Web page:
Housing Complex

What Would Replace the Reeves Center in the D.C. United Deal?

A conceptual rendering of a new building at the Reeves Center site from last year.

A conceptual rendering of a new building at the Reeves Center site from last year.

A lengthy political battle stands between the city's proposal to orchestrate several land swaps and purchases in order to build a D.C. United soccer stadium at Buzzard Point and the realization of the plan. But one central piece of the plan, previously lacking in clear details, has begun to come into focus: the building that would be erected by the developer Akridge at 14th and U streets NW, the site of the current Frank D. Reeves Municipal Center.

The Reeves Center is the city's main trading chip in the stadium deal. Under the proposal, Akridge would acquire the valuable property in exchange for cash and a parcel at the Buzzard Point stadium site. Some members of the D.C. Council have expressed frustration that the office of Mayor Vince Gray has agreed to trade the parcel to Akridge rather than opening it to bids in a public auction, where it could bring in more money for the city. Others have worried about the form the new property will take: Ward 1 Councilmember Jim Graham wants offices, to bring daytime population to an area dominated by nightlife, while Ward 6 Councilmember Tommy Wells has insisted on affordable housing at the site.

At the Council's first hearing on the stadium deal yesterday, members grilled city and Akridge officials on the details of the plan. Their answers provided a few insights into the likely shape the Reeves replacement will take.

As expected, Akridge President Matt Klein said the new building—the Reeves Center will be demolished—would be mostly residential, in keeping with the profitable trend of high-end residences in the area. Klein said the plan was for rental housing rather than ownership units. Akridge expects to build the new development without asking for a so-called planned unit development to grant greater density than allowed under the zoning rules. That means up to 525,000 square feet, compared with the Reeves Center's current 300,000 square feet.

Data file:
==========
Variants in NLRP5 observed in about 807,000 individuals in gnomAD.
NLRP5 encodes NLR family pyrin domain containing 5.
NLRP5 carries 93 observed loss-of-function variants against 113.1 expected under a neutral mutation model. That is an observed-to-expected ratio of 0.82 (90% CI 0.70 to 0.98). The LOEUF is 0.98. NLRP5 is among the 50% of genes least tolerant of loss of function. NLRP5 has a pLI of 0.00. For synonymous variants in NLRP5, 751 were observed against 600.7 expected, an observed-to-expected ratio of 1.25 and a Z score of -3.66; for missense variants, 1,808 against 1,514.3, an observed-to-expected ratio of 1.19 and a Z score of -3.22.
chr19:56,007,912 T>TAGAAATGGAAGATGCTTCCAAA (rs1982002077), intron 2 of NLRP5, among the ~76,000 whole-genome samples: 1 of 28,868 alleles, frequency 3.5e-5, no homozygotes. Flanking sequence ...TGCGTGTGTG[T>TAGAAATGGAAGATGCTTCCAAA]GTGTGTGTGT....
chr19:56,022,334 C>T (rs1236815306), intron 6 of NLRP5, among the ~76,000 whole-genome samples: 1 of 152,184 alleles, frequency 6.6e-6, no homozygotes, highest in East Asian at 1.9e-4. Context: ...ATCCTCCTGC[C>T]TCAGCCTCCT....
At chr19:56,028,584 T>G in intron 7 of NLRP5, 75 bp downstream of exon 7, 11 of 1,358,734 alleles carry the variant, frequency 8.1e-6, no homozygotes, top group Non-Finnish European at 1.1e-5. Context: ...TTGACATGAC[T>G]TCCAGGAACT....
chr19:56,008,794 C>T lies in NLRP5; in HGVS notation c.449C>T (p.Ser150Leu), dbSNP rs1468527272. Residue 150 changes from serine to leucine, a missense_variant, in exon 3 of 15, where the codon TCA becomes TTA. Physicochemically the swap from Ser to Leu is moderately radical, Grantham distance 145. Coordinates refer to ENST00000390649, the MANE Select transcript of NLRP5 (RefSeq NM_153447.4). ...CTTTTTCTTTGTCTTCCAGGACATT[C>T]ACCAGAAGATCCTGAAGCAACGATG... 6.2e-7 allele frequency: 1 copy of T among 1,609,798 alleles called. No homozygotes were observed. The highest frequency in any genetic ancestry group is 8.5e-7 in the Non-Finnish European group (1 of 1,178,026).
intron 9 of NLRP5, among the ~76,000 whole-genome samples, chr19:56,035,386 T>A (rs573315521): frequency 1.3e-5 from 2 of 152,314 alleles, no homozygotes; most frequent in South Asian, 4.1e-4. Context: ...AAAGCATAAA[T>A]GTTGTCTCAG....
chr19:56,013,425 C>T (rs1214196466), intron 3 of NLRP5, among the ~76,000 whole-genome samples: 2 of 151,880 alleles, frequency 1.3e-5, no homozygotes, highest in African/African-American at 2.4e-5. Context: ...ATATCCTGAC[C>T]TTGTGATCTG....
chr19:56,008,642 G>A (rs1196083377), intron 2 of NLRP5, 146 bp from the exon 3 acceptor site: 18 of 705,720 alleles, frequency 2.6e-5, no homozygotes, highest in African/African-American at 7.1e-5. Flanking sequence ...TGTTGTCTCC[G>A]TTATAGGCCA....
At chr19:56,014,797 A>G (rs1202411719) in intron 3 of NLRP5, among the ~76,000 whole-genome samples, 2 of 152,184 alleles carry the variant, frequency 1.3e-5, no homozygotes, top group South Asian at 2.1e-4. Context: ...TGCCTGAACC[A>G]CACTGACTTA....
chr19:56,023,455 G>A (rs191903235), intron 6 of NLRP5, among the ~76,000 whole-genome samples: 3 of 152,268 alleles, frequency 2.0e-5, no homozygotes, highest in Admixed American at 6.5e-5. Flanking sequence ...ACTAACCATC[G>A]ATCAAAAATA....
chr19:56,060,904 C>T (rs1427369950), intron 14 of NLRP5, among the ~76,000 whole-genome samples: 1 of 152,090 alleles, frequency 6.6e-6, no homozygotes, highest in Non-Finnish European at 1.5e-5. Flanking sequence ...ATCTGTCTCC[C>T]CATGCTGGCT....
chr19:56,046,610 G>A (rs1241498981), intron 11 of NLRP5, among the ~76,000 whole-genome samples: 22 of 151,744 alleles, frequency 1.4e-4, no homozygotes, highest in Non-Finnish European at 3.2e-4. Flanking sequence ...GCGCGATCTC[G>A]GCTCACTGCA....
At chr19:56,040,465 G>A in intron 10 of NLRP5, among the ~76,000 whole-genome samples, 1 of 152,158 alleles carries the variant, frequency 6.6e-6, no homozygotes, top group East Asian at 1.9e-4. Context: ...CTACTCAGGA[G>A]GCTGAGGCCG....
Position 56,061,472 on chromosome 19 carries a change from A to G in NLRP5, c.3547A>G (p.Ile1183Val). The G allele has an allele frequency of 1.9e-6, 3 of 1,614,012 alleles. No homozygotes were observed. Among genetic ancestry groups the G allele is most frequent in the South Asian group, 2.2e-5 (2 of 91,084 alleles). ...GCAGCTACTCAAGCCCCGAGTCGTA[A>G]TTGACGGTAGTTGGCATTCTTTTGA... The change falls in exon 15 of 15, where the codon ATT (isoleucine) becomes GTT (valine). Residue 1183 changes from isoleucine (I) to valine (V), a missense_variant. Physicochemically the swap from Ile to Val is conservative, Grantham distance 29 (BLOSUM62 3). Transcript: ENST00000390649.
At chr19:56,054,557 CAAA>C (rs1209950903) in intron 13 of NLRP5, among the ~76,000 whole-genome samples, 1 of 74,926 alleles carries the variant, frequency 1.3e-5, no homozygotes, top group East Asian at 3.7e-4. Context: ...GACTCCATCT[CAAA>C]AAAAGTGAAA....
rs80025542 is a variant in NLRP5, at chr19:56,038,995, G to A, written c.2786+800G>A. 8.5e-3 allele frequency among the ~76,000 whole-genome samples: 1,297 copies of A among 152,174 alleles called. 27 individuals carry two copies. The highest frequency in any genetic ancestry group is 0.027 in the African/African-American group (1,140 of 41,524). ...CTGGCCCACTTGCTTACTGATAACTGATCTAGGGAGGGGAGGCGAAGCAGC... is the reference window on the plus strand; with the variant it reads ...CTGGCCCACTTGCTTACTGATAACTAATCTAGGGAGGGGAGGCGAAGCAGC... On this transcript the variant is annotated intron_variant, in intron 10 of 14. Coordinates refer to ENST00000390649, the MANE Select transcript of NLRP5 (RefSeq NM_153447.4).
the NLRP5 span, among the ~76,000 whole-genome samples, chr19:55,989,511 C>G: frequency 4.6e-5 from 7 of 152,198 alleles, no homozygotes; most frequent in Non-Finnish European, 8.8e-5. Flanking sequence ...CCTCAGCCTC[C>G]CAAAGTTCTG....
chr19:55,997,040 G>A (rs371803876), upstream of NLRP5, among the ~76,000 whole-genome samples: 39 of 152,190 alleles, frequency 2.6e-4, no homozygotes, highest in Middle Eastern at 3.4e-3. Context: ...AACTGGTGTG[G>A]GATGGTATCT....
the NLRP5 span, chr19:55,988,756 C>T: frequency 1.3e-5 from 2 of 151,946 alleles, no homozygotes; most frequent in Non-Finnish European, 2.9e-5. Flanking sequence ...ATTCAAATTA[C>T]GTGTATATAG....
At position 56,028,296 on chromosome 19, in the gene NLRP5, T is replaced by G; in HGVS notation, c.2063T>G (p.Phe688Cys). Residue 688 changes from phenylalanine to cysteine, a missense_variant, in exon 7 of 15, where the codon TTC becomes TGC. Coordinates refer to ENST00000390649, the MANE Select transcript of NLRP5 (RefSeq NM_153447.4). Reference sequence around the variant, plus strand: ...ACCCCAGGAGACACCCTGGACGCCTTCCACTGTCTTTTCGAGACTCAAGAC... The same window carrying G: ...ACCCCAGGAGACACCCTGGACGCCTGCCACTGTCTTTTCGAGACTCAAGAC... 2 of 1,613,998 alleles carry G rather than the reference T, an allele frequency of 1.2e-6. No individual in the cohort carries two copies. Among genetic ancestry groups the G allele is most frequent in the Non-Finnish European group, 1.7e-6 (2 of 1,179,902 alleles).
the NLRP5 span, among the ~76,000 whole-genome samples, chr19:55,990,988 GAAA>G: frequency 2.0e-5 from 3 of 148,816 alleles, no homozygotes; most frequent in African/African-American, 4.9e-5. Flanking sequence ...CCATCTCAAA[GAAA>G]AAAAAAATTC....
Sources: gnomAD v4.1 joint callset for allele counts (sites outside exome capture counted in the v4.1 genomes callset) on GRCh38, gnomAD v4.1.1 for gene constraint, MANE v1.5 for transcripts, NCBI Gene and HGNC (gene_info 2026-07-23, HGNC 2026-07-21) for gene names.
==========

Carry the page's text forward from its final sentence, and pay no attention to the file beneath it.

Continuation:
Below the residences will be retail, although exactly how much there'll be is unclear. City Administrator Allen Lew, who negotiated the stadium deal on the city's behalf, told the Council there would be 50,000 square feet of retail. Klein revised that figure down slightly, saying Akridge would include at least 35,000 square feet of retail, and up to 50,000. That's out of about 70,000 usable square feet on the ground floor of the site.

Graham remains concerned that the building will be the same type of glassy, high-end apartments that have come to predominate along the U Street corridor. "We’re back to ground-floor retail and luxury apartments above it," he lamented. "When I came into office, U Street was a nightlife destination, period, period, period. We worked for 16 years to change that, and we have changed that. To have a setback from that progress seriously concerns me."

But Graham and Akridge have been in discussion about possible daytime uses for the site. Lew said a small hotel was an option, as was "a block of office space that would relocate from a neighboring state."

Then there's the question of what type of housing the new development will have. Ward 8 Councilmember Marion Barry, who has complained about the over-concentration of affordable housing east of the Anacostia River, wants to make sure that affordable housing is a major component of the 14th and U development. "If housing is going to be put on that site, there has to be a certain percentage of affordable housing on that site," he said.

Lew informed him that the requirement under D.C.'s inclusionary zoning law is for about 8 percent of the units to be set aside for low-income residents. Barry replied, "Well that’s not enough. We’re going to raise that."

Graham and other members of the Council worried that Akridge may have gotten a very good deal for the Reeves Center site, given that it was valued at just $56 million. If the developer is indeed sitting on a profit margin that allows it some flexibility, we may start to see some of these councilmembers' suggestions incorporated into the project, at the expense of some of that profit. If we don't, the fight over the stadium deal could get quite contentious.

Rendering courtesy of the Office of the City Administrator